Even for an archbishop this must have been a tough gig.
The Archbishop of Canterbury had to deliver a sermon to what was claimed to be the UK’s biggest ever school assembly.
He couldn’t even tell them to stop talking at the back, because all the children were watching online.
The Most Reverend Justin Welby was addressing the Oak National Academy, the virtual school that has sprung up to serve millions of pupils studying at home during the coronavirus lockdown.
“I suspect this year, 2020, will stick in the mind for many reasons and there are lots of things that you will be going through,” the leader of the Church of England told his young audience.
But his message was intended to be uplifting. It was the voice of Zoom rather than the voice of doom.
The word he focused on was “hope”.
“Hope means the certain expectation of something you don’t have yet, but you will have in the future because it’s been promised by God,” said the archbishop.
“Hope is hope of life, hope of purpose, hope of peace, hope of justice, equality and a good future,” he said, talking from his kitchen, as he did when he delivered his sermon on Easter Sunday.
This was echoed by two of the pupils who introduced the archbishop, Eternity Carter and Marvellous Matthew-Okoromi.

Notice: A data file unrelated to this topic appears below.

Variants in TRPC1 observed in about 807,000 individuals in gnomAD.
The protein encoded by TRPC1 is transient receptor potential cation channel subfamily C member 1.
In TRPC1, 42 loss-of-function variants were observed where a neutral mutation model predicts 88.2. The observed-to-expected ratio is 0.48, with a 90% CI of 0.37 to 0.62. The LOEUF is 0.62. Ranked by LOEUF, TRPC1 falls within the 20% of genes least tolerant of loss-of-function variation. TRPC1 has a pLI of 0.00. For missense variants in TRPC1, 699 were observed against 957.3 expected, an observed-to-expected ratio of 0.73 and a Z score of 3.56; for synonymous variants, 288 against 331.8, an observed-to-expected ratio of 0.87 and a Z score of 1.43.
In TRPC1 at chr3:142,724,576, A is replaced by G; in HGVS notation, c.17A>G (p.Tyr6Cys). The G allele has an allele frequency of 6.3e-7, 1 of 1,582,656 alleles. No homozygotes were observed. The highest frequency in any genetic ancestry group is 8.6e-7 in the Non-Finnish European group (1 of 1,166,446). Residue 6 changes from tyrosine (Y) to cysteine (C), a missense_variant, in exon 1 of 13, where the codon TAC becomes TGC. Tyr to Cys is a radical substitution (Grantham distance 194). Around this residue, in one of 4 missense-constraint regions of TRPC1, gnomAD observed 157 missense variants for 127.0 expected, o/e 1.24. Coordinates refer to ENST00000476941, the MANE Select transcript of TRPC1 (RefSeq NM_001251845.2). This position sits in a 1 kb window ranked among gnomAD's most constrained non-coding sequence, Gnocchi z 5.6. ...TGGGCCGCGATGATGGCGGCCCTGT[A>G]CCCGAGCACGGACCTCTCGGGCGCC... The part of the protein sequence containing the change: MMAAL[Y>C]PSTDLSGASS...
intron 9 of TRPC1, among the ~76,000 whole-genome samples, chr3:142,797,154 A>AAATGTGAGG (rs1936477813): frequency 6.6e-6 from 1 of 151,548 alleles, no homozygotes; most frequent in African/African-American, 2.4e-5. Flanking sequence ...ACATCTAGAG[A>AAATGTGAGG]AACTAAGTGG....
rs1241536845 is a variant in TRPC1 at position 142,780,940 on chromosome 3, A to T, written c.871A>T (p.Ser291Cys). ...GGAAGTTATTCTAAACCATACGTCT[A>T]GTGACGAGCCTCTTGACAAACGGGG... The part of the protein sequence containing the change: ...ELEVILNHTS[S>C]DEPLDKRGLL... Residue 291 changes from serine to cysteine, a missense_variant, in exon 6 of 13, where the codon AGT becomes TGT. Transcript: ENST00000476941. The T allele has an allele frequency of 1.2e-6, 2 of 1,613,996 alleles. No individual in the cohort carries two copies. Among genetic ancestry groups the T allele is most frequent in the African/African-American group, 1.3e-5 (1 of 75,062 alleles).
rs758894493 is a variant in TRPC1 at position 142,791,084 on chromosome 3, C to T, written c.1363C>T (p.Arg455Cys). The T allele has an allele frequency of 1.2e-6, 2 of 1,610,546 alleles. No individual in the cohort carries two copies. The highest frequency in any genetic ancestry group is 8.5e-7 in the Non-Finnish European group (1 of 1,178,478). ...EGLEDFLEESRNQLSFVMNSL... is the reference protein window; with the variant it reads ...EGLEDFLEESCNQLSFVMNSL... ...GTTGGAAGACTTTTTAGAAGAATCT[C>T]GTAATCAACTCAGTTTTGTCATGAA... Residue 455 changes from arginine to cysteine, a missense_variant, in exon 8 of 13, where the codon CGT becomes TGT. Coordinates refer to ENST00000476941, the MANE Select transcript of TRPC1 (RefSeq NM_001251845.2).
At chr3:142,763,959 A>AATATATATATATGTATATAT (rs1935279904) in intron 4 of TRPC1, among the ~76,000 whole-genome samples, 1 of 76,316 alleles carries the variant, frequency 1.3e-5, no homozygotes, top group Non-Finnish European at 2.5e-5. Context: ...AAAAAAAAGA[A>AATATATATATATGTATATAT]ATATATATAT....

“Hope is something that’s in my heart to let me have strength,” said Eternity from Sneinton primary school in Nottingham.
So what examples do you use in a modern assembly, to an audience of many faiths and none?
There were not going to be any clunky sporting metaphors, nothing along the lines of “in a way Jesus is like a goalkeeper”.
Instead there was a big visual clue in the book standing beside him on the kitchen table, Nelson Mandela’s autobiography, Long Walk to Freedom.
“May your choices reflect your hopes not your fears,” said Archbishop Welby, quoting the former South African president and drawing on his perseverance through long years of imprisonment.
It was a message of support in troubled times – and he touched on the sadness and pressures felt by families during the lockdown, including those who had faced illness and bereavement.
It was also literally homely, without any clerical backdrop, instead framed by a kitchen cupboard, a wooden camel that might have escaped from a Christmas crib set, and a radio that he perhaps uses to check out the opposition on BBC Radio 4’s Thought for the Day.
This was very much a moment of these strange days – the first assembly for a virtual school that is in only its second week.
The Oak National Academy is a minor miracle in its own right, put together by the creativity of teachers and offering free online lessons across age ranges and subjects.
His warm-up act, Education Secretary Gavin Williamson, (bare wall plus pot plant in background) spoke of how children might be surprised by how much they were missing school and seeing their friends.
“Many of you will be going through really tough times at home,” said the archbishop.
“How do you keep up hope? Patience, positivity and keeping going,” he reassured his virtual assembly.
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